MARCH 2019 WALNUT MONTHLY MANAGEMENT REPORT AND DISCUSSION
The California Walnut Board released the March 2019 Position report. Our table of these figures are shown below:
MMR and YTD HIGHLIGHTS
1) Monthly inshell equivalent shipments up 26.3% vs PY
– Export inshell equivalent shipments up 20.3% vs PY
– Domestic inshell equivalent shipments up 40.5%
2) Year to date inshell equivalent shipments now up 10.2% vs PY
– Export inshell equivalent YTD shipments up 8.1% vs. PY
– Domestic inshell equivalent YTD shipments up 15.6% vs. PY
The Calif. Walnut industry had a very strong March 2019 up 26.3% over PY March 2018. This performance coming on the heels of a strong February 2019 which was up 35.9% over PY and a January 2019 up 38.7% against PY. Year to date March 2019 shipments are up 10.2% vs. PY with Export up 8.1% and domestic up 15.6% vs. PY.
Export Inshell YTD is up 15.2% with Domestic Kernel up 18.3% and Export Kernel up 3% YTD. As expected, Turkish inshell sales for March 2019 declined precipitously to 1.6 million pounds down from February’s number of 8.8 million pounds shipped. Turkey will pretty much be a nonfactor to California the remainder of the season as they bought a tremendous amount the past quarter and will be receiving Chilean inshell in the next couple of months. Italy, Pakistan and UAE all had significant inshell gains over PY March and that should slow down as well. Total March 2019 kernel sales were up 27.9% with Domestic up 43.6% and export up 20%. Chilean goods to ship in May will affect domestic kernel sales the rest of the season.
For the next 5 months, April 2019 – August 2019, the industry needs to average 37,000 ton of sales per month to leave slightly less than the 2018 “carry in” of 63,539 ton amount as the 2019 “carry out”. This seems reasonable. The industry is already 74.1% shipped and with commitments, the industry seems to be over 90% shipped and/or committed. Commitments are an unknown as the industry does not report this number. While this percentage might lead to industry confidence, this 10% is still a significant amount of inventory and with some of the recent shipments made to traders and resellers, these goods need to move into an “end user” marketplace. Some of these goods are up for sale as we speak.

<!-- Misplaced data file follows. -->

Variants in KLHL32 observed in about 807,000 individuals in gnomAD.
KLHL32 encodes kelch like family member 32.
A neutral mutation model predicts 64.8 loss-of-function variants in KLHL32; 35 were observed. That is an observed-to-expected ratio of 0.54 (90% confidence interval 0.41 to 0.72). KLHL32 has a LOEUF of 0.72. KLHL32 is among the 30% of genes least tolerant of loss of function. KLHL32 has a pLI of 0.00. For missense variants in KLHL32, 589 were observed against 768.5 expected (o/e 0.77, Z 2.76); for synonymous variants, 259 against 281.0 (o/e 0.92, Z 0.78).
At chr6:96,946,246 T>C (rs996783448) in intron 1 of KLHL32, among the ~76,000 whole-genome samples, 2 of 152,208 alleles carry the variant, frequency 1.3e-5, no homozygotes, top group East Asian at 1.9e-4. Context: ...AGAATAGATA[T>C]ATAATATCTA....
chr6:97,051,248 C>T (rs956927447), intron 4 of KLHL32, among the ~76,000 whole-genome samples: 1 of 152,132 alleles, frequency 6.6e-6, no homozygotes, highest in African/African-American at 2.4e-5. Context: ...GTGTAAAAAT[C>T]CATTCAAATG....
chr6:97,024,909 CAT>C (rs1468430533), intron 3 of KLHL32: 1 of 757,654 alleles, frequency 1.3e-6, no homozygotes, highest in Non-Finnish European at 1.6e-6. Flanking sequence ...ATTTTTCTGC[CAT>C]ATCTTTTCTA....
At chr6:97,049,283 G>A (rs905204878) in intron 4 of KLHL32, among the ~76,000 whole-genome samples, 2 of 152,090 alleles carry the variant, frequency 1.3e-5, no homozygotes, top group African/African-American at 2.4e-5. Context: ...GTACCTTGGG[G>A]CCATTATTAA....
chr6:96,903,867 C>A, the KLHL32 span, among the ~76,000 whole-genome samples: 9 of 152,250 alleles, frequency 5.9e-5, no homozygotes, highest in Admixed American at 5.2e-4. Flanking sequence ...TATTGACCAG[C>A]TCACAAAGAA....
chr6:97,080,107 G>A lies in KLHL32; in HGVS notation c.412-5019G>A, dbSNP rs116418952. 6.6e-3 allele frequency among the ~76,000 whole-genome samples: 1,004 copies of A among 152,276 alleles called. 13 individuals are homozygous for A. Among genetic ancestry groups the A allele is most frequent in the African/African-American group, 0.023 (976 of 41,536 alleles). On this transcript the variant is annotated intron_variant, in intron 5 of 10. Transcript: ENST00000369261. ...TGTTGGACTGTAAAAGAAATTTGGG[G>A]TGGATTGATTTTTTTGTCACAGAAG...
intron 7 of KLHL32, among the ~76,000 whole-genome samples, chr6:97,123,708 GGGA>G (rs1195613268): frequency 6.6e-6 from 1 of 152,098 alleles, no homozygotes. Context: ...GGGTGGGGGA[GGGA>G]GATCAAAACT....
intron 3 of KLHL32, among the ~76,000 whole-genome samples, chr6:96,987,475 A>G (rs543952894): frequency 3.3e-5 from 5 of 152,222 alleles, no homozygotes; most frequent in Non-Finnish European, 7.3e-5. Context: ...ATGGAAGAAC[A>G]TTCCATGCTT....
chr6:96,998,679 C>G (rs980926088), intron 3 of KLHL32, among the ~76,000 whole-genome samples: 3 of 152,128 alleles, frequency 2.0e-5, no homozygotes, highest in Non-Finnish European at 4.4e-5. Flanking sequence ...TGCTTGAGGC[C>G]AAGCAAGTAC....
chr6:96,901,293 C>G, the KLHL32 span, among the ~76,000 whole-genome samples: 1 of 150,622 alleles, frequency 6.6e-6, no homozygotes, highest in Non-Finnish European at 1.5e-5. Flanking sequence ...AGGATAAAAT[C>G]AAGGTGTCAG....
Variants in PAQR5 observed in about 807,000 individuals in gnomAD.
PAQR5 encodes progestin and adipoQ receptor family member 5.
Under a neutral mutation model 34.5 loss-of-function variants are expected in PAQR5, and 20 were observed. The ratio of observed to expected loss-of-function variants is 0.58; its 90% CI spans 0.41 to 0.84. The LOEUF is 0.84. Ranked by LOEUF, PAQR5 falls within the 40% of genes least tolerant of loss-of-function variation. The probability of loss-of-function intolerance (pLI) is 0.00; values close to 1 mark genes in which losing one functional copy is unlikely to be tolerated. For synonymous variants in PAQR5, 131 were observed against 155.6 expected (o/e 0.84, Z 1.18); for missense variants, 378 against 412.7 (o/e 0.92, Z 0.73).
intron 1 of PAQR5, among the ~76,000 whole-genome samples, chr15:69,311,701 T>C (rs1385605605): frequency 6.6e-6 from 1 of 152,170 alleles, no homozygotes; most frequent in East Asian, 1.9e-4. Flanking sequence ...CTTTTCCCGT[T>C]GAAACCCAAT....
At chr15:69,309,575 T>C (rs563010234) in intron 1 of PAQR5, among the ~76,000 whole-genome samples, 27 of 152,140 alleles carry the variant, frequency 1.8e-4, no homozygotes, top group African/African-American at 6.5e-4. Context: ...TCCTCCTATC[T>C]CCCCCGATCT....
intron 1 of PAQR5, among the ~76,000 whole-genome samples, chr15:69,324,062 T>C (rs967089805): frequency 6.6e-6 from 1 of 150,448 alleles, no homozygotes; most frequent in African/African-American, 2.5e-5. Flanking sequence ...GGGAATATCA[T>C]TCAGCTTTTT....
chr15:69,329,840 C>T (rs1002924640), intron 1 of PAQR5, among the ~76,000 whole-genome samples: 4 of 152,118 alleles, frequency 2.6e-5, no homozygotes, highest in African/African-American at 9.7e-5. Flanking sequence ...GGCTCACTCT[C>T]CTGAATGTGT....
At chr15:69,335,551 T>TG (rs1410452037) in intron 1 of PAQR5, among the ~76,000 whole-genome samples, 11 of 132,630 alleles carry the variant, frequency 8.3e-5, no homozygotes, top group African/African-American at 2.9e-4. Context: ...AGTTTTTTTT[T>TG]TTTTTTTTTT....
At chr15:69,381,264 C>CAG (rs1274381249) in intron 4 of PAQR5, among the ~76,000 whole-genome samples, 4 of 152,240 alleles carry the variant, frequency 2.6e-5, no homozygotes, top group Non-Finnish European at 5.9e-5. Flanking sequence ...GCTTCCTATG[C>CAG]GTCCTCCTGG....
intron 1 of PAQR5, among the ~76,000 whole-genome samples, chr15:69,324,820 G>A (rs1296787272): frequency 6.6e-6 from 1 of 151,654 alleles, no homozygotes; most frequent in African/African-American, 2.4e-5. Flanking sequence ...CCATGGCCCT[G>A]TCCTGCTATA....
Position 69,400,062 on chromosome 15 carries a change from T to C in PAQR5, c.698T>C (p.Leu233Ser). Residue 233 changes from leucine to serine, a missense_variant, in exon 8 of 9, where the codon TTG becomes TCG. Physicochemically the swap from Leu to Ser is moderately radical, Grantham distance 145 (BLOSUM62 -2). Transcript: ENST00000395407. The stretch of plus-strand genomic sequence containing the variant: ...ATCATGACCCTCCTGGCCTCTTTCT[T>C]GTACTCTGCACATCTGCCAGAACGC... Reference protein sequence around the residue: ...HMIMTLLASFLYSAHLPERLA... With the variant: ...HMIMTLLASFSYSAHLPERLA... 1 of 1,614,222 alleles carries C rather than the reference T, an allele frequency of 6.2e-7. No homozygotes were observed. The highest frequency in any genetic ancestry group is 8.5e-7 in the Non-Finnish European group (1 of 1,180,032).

– Chile – Chandler harvest started at the end of last week which was 1 week earlier than expected. Early reports suggest that sizes are bigger this year compared to last year’s small size issues and the color is excellent. 1st chandler inshell shipments will commence next week. Chandler (JL) 30mm+ prices are stable between $2.80-$2.95/kg CFR. Serr is pretty much sold out and difficult to find offers, Serr (JL) 30mm+ prices are between $2.80-$2.85/kg CFR. Dubai has been a strong buyer of inshell while Turkey has been waiting for the harvest to cherry pick the best lots.
Chandler 20% LHP is $6.85-$7.10/kg CFR, 80% LHP is $7.45-$7.90/kg CFR and Hand cracked is $9.50-$10.50/kg CFR. Most packer are full for April and May shipments.
– Cold Storage – This is clearly on the minds of the packers in full force. Packer’s will try hard not to spend money for cold storage and maybe up for negotiation on goods rather than to expend additional funds.
– Pricing for walnut material is as follows has changed very little from last month: Domestic LHP $2.60 -$2.85/lb, Export quality 20% LHP $2.95 – $3.10/lb. CHP $2.45lb to $2.55/lb. Chandler Halves $3.30 to $3.50/lb range with minimal material available. Inshell material is pretty much non-existent.
Conclusion – The historical chart suggests that the industry is in a good and confident position. With reasonable assumptions, California seems to be on pace to oversell the crop and reduce the carry-out number to below that of the carry-in number. The question is whether our April and May forecast of 45,000 inshell ton is accurate or not. From a marketing standpoint, some good deals can be had on Domestic LHP and CHP on a nearby spot basis. A decent spread between domestic light halves and pieces and Chandler light halves and pieces is available if color and half count is secondary. Demand for April is a bit quiet with most buyers seemingly satiated for the time being or waiting for “cold storage” motivated deals to appear. Chandler LHP and Chandler Halves are stable and will mostly likely not decline in any meaningful amount.
We look forward to any questions, comments or interest you may have and we would be happy to assist you.